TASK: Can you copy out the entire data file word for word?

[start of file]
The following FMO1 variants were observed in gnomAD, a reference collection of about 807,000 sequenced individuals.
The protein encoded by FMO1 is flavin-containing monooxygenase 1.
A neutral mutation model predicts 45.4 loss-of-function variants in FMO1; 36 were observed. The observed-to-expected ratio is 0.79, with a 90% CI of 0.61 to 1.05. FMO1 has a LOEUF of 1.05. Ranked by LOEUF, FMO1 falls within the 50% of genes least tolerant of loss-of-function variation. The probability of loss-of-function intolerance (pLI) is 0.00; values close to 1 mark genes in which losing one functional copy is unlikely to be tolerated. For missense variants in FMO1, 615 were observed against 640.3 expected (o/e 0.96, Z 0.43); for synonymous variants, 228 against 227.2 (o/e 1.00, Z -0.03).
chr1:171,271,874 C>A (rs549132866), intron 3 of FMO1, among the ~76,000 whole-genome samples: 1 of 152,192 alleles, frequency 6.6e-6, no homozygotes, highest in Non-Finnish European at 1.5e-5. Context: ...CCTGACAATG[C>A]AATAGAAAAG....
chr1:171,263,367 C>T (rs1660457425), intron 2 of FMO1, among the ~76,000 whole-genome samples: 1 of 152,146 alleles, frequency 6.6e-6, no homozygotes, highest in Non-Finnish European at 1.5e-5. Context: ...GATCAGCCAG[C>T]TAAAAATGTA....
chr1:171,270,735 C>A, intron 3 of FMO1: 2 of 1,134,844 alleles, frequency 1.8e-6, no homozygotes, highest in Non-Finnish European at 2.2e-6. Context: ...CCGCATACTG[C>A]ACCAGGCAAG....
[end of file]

The following FMO1 variants were observed in gnomAD, a reference collection of about 807,000 sequenced individuals.
The protein encoded by FMO1 is flavin-containing monooxygenase 1.
A neutral mutation model predicts 45.4 loss-of-function variants in FMO1; 36 were observed. The observed-to-expected ratio is 0.79, with a 90% CI of 0.61 to 1.05. FMO1 has a LOEUF of 1.05. Ranked by LOEUF, FMO1 falls within the 50% of genes least tolerant of loss-of-function variation. The probability of loss-of-function intolerance (pLI) is 0.00; values close to 1 mark genes in which losing one functional copy is unlikely to be tolerated. For missense variants in FMO1, 615 were observed against 640.3 expected (o/e 0.96, Z 0.43); for synonymous variants, 228 against 227.2 (o/e 1.00, Z -0.03).
chr1:171,271,874 C>A (rs549132866), intron 3 of FMO1, among the ~76,000 whole-genome samples: 1 of 152,192 alleles, frequency 6.6e-6, no homozygotes, highest in Non-Finnish European at 1.5e-5. Context: ...CCTGACAATG[C>A]AATAGAAAAG....
chr1:171,263,367 C>T (rs1660457425), intron 2 of FMO1, among the ~76,000 whole-genome samples: 1 of 152,146 alleles, frequency 6.6e-6, no homozygotes, highest in Non-Finnish European at 1.5e-5. Context: ...GATCAGCCAG[C>T]TAAAAATGTA....
chr1:171,270,735 C>A, intron 3 of FMO1: 2 of 1,134,844 alleles, frequency 1.8e-6, no homozygotes, highest in Non-Finnish European at 2.2e-6. Context: ...CCGCATACTG[C>A]ACCAGGCAAG....